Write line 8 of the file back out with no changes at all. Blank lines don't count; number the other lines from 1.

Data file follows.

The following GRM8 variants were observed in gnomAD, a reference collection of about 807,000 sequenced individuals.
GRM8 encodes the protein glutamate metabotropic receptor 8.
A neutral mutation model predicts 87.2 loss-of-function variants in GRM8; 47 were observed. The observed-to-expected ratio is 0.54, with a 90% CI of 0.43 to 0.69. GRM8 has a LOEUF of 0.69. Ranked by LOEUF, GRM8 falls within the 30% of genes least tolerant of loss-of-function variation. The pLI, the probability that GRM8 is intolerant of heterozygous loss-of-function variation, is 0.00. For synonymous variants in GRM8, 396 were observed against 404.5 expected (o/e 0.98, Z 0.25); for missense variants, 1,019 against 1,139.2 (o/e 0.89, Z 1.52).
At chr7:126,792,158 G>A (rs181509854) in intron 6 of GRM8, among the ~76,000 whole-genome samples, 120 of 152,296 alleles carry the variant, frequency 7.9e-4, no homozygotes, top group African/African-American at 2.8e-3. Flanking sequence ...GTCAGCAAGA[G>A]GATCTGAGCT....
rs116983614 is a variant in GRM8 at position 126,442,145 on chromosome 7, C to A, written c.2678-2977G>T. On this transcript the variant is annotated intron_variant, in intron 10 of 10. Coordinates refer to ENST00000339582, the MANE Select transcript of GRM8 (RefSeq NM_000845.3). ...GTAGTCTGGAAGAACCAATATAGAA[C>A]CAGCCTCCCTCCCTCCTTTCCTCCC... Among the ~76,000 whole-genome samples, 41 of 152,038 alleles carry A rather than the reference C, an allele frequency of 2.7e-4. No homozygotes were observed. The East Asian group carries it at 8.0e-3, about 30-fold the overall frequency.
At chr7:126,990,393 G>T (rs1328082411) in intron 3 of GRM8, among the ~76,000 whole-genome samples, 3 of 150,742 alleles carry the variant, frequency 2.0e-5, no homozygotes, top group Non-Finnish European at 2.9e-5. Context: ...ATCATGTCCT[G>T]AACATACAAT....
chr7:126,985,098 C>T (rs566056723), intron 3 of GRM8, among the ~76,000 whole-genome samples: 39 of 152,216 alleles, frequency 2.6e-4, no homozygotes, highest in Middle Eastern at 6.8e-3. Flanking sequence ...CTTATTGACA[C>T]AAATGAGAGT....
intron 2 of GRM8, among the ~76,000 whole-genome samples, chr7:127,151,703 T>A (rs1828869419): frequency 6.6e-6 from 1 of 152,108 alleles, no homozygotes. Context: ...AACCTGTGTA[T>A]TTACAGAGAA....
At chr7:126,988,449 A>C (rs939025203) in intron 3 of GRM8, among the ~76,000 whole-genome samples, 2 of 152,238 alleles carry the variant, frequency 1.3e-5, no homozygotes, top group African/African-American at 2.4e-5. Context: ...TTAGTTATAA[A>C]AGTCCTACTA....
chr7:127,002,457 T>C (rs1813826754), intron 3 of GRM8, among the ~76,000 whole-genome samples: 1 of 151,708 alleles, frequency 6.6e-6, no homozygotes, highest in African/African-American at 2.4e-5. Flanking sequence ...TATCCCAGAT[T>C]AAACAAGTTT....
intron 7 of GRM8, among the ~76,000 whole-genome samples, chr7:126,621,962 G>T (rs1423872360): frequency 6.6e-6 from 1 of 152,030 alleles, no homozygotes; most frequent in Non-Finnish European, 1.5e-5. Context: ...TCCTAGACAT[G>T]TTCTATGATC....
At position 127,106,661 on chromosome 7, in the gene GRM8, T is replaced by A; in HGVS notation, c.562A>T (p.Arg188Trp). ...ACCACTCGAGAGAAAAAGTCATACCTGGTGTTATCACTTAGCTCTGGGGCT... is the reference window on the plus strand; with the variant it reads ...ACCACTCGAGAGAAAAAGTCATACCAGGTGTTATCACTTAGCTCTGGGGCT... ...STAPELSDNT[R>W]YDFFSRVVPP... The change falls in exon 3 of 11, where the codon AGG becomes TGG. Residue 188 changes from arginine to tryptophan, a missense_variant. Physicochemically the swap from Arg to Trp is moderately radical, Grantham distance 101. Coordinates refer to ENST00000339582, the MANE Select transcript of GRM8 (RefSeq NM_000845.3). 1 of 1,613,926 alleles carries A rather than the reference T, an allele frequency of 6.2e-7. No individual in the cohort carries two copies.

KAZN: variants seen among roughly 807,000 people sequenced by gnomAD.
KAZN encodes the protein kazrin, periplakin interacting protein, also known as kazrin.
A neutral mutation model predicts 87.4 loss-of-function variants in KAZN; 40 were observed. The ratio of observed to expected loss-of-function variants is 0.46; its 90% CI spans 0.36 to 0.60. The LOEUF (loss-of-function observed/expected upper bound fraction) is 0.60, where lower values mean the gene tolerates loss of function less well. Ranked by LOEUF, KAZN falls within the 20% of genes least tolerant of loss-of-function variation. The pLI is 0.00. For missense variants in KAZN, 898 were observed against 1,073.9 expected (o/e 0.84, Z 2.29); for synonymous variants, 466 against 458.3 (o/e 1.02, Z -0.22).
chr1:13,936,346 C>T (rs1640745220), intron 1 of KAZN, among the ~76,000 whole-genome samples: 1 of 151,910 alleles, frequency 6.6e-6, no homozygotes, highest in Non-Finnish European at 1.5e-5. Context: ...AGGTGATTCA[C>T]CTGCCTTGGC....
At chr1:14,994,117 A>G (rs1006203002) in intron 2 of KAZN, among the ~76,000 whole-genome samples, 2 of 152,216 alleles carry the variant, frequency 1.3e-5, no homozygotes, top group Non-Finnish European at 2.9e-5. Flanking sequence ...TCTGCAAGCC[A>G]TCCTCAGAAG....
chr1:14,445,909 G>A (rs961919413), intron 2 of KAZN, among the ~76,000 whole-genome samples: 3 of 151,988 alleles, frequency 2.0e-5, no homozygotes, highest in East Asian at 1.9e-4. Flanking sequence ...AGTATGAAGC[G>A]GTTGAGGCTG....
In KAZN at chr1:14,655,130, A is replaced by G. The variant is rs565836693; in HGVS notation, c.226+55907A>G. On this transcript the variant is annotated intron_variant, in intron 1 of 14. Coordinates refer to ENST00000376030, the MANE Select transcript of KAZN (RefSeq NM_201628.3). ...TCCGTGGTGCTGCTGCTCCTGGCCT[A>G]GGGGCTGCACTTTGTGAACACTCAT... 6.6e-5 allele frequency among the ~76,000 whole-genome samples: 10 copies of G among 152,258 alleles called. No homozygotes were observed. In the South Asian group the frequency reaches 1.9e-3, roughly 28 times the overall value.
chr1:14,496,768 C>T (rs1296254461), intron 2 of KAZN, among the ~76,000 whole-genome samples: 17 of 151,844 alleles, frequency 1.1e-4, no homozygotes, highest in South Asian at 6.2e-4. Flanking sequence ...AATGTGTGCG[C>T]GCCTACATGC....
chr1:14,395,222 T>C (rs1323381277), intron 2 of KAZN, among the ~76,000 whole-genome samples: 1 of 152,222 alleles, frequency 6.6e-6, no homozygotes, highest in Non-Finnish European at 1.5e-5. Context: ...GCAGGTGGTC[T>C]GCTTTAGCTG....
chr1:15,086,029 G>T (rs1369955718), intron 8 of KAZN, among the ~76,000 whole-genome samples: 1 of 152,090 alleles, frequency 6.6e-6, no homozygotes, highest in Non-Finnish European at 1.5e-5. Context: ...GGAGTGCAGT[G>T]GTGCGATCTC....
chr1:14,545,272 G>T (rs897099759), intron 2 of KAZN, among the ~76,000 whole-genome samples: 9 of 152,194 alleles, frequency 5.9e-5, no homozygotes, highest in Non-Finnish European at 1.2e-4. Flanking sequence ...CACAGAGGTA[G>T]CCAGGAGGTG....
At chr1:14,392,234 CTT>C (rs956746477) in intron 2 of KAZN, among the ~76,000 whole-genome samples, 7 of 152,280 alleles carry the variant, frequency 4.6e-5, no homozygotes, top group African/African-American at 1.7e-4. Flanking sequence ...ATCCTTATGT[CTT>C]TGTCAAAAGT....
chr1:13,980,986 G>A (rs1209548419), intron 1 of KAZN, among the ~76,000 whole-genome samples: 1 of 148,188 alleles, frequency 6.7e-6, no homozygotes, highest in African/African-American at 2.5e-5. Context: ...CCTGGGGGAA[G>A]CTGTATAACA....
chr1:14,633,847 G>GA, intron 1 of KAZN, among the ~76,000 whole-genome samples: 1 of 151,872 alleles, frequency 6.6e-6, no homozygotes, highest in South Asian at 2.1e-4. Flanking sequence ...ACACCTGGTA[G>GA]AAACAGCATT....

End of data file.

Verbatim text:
intron 2 of GRM8, among the ~76,000 whole-genome samples, chr7:127,151,703 T>A (rs1828869419): frequency 6.6e-6 from 1 of 152,108 alleles, no homozygotes. Context: ...AACCTGTGTA[T>A]TTACAGAGAA....